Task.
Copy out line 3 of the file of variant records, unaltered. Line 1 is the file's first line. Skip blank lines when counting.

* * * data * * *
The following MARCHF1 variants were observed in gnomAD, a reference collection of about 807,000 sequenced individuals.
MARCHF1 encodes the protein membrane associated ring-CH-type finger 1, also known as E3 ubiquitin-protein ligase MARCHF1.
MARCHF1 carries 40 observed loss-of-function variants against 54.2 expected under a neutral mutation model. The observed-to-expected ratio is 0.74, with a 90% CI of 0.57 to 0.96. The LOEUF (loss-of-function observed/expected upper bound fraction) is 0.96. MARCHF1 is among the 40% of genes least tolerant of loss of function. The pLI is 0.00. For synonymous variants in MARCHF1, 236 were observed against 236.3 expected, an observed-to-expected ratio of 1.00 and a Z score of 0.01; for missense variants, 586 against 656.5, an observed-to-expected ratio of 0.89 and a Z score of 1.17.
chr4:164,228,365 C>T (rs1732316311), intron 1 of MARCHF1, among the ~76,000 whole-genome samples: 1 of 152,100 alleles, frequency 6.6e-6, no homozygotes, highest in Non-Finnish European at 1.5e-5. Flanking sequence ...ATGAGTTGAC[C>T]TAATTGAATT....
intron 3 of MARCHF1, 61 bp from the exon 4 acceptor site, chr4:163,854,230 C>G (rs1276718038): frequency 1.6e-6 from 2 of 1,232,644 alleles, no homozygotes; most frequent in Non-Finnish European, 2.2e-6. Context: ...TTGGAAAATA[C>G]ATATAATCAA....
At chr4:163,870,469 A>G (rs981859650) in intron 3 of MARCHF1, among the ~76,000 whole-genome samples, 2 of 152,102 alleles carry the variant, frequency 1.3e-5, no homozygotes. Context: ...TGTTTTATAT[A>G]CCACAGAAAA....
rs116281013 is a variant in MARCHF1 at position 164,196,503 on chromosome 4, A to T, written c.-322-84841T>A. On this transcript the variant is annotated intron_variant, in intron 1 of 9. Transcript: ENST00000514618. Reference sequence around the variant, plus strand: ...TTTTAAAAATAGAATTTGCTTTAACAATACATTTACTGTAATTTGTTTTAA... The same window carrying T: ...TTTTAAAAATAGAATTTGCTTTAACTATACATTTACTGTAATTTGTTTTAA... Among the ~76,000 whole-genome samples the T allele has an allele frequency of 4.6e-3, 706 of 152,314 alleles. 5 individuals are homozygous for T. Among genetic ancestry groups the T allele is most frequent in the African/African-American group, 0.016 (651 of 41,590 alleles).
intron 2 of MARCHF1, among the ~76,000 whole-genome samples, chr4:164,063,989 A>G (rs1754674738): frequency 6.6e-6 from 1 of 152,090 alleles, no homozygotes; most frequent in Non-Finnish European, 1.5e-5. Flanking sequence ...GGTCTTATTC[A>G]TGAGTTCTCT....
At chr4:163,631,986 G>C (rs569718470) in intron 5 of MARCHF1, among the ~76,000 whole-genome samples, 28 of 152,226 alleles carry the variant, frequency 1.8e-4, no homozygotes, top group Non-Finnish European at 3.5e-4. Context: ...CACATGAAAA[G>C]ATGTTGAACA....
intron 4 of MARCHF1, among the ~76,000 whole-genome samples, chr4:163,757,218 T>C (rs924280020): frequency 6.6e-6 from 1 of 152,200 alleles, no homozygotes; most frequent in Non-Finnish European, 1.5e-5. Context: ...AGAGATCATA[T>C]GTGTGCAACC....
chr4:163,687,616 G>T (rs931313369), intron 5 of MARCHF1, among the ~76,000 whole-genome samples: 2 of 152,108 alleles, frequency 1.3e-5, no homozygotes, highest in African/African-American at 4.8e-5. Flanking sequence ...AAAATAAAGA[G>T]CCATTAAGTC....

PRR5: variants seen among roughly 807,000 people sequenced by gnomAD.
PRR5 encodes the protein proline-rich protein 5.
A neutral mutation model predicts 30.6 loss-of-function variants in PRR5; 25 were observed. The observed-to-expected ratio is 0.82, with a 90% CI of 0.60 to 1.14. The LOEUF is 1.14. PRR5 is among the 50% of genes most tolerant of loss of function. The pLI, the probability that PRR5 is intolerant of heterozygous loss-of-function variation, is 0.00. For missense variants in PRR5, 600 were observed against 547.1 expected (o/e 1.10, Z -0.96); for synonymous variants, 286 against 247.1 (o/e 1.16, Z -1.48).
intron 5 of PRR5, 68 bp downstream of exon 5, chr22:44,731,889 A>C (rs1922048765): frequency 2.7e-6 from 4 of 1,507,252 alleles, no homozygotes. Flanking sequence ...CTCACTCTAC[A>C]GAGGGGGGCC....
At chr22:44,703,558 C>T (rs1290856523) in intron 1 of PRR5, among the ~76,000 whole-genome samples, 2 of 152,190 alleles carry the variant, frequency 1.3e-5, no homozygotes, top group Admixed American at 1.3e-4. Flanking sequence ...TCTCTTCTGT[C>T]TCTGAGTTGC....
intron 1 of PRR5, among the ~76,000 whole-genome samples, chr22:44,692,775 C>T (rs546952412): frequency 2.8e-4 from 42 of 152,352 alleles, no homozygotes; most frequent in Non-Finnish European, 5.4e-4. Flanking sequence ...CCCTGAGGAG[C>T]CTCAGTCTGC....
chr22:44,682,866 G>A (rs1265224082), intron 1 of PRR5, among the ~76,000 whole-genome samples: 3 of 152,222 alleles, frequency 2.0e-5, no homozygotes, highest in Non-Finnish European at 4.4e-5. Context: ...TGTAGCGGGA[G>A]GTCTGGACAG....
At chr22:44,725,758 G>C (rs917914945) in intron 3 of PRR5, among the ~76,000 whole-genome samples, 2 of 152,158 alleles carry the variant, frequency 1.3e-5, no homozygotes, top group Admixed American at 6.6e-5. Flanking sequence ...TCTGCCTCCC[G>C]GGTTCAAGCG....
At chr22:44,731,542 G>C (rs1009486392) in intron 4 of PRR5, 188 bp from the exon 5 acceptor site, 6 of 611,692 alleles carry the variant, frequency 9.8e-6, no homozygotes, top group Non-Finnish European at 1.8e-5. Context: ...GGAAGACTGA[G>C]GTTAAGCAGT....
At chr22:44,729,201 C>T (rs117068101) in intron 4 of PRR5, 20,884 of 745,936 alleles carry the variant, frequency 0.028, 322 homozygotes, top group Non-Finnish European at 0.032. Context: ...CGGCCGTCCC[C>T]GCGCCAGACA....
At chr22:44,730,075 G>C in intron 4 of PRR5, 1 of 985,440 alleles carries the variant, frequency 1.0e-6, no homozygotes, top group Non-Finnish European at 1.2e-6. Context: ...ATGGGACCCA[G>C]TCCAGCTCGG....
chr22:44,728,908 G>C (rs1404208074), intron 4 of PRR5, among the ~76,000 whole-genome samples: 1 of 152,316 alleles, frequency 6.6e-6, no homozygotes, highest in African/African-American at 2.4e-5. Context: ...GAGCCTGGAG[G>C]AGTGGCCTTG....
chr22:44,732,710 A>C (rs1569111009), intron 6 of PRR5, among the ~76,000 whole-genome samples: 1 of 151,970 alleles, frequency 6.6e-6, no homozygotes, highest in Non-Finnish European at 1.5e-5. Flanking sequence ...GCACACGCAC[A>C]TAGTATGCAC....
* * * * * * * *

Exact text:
MARCHF1 carries 40 observed loss-of-function variants against 54.2 expected under a neutral mutation model. The observed-to-expected ratio is 0.74, with a 90% CI of 0.57 to 0.96. The LOEUF (loss-of-function observed/expected upper bound fraction) is 0.96. MARCHF1 is among the 40% of genes least tolerant of loss of function. The pLI is 0.00. For synonymous variants in MARCHF1, 236 were observed against 236.3 expected, an observed-to-expected ratio of 1.00 and a Z score of 0.01; for missense variants, 586 against 656.5, an observed-to-expected ratio of 0.89 and a Z score of 1.17.